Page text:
Palgrave Macmillan, 2015. Paperback 2017.
Transnational Histories of Youth in the Twentieth Century examines the emergence of youth and young people as a central historical force in the global history of the twentieth century. Each of the chapters considers the activities of young people from a transnational perspective, emphasizing their agency in the development of global interconnectedness by focusing on a variety of case studies that emphasize topics and regions that too often remain unconsidered.
From backpacking in Europe to political activism in Africa, from Malaysian scouting for girls to Franco-Maghribi music, from Argentine Zionism to the Chinese revolution, the local practices and behaviors of the young engaged with the world. This collection is unique in that it analyzes not only the effect of transnationality on youth but also how youth shaped transnationality. It reveals the activities, mobilities, and identities of the young to be a central component of globalization.
“Mixing two innovative fields of research does not automatically ensure good scholarship. Yet in the case of Transnational Histories of Youth in the Twentieth Century, a collection of essays edited by Richard Ivan Jobs and David M. Pomfret, the result commands admiration. Jobs and Pomfret have teamed up with ten authors from eight countries to investigate how youth—both as a gendered concept and as a social formation—emerged as an engine of twentieth-century processes of globalization. Not wedded to Eurocentric narratives or Western perspectives, the essays unfold a dynamic and complex panorama of a variety of transnational circuits and their impact on young people’s lives and relationships while also stressing youth’s agency in different forums of crossborder socialization.”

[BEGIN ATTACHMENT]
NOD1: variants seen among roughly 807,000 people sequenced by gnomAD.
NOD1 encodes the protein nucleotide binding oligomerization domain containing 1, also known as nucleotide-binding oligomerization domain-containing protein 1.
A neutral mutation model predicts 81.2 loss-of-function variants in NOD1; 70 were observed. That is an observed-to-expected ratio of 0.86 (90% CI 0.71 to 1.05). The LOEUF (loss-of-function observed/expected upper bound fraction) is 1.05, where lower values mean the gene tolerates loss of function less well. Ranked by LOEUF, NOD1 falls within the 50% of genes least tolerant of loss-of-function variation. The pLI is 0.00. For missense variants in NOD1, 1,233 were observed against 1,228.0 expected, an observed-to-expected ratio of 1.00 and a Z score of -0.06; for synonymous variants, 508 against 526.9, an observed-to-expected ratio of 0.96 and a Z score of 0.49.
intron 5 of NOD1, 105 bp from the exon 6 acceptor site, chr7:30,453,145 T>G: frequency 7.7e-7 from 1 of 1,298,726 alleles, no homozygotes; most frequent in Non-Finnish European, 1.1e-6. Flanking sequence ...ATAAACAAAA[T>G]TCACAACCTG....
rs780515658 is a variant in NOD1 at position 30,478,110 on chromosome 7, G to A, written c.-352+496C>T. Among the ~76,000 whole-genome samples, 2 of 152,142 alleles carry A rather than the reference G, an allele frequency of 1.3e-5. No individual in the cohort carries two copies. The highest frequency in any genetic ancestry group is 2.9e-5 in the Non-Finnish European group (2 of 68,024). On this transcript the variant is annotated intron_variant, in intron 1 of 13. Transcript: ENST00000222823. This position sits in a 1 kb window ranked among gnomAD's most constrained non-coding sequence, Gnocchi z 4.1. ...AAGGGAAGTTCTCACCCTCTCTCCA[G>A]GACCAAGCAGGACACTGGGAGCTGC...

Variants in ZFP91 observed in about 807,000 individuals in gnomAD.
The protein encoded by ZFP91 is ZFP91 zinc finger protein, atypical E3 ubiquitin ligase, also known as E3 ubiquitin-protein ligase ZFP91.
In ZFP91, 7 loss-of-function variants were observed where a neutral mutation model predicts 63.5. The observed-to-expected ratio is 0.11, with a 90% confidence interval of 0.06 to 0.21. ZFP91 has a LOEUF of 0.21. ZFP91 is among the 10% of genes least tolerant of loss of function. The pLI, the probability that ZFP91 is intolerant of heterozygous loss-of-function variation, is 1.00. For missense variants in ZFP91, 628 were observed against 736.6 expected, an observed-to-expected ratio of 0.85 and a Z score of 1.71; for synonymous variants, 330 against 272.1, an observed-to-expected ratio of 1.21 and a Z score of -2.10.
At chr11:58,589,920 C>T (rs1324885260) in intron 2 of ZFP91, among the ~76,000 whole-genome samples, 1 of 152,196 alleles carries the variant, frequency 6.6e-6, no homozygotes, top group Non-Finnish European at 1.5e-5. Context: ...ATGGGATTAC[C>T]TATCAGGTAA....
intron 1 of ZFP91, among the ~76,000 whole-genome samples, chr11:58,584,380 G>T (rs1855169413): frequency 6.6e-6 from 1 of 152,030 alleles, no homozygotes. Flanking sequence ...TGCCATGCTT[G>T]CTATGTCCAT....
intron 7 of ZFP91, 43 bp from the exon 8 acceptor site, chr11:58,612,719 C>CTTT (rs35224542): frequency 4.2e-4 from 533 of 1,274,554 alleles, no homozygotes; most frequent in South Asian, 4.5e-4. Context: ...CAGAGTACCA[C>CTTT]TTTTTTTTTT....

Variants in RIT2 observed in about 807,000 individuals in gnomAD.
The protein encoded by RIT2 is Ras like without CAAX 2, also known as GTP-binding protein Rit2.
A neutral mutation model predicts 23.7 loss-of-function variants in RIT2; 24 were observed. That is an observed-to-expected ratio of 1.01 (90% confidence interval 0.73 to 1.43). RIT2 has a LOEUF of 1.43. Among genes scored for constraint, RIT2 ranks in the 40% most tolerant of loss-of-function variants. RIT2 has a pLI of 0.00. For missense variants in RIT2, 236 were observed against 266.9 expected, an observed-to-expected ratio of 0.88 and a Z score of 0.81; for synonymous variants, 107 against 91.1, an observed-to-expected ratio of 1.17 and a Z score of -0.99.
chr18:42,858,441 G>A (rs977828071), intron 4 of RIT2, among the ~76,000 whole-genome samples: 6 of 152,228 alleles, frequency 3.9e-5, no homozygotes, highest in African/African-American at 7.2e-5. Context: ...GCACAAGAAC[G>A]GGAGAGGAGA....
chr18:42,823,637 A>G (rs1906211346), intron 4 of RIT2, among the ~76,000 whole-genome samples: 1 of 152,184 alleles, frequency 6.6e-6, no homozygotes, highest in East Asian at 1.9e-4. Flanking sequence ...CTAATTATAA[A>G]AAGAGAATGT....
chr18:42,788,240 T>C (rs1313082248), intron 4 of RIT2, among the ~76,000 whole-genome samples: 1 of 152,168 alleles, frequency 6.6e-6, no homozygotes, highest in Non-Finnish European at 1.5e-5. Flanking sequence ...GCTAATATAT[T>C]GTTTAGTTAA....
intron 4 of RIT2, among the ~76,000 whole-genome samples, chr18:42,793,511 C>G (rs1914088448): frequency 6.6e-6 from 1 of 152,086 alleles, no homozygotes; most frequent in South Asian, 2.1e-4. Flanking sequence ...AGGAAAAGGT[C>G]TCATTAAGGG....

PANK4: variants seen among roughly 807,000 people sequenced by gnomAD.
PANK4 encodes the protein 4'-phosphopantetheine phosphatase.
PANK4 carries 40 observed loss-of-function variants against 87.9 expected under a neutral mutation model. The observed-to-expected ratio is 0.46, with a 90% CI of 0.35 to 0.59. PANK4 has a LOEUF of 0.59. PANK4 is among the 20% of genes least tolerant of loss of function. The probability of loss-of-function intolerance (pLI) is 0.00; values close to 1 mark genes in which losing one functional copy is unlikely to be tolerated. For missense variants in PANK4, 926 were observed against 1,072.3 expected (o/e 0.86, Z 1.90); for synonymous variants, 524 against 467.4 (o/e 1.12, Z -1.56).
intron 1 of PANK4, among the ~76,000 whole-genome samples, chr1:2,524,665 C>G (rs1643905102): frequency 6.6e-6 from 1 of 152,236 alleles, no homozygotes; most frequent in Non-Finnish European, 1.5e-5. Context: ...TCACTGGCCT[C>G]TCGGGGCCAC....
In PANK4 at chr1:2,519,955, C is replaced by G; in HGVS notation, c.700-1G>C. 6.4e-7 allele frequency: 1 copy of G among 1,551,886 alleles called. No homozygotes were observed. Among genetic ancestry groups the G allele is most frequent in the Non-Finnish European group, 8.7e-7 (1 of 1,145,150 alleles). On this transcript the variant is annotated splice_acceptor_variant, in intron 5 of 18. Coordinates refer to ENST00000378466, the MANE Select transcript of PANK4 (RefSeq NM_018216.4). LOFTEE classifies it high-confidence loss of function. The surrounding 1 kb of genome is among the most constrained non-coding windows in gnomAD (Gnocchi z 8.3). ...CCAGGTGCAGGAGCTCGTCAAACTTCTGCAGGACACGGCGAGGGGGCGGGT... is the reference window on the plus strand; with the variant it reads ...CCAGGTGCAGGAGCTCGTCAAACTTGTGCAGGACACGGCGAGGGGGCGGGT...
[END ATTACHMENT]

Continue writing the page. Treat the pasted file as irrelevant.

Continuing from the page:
–Mischa Honeck, Journal of the History of Childhood and Youth
“The global reach of this excellent volume – from China to the Middle East, Japan to South America – is well served by well researched, well argued, and well written chapters on youth, transnationalism, mobility, and modernity. The volume has an excellent introduction and many compelling and original chapters. Some chapters are truly outstanding, many are very, very good . . . The volume will be of interest to scholars, graduate students, and advanced undergraduates.”
–Anne Gorsuch, University of British Columbia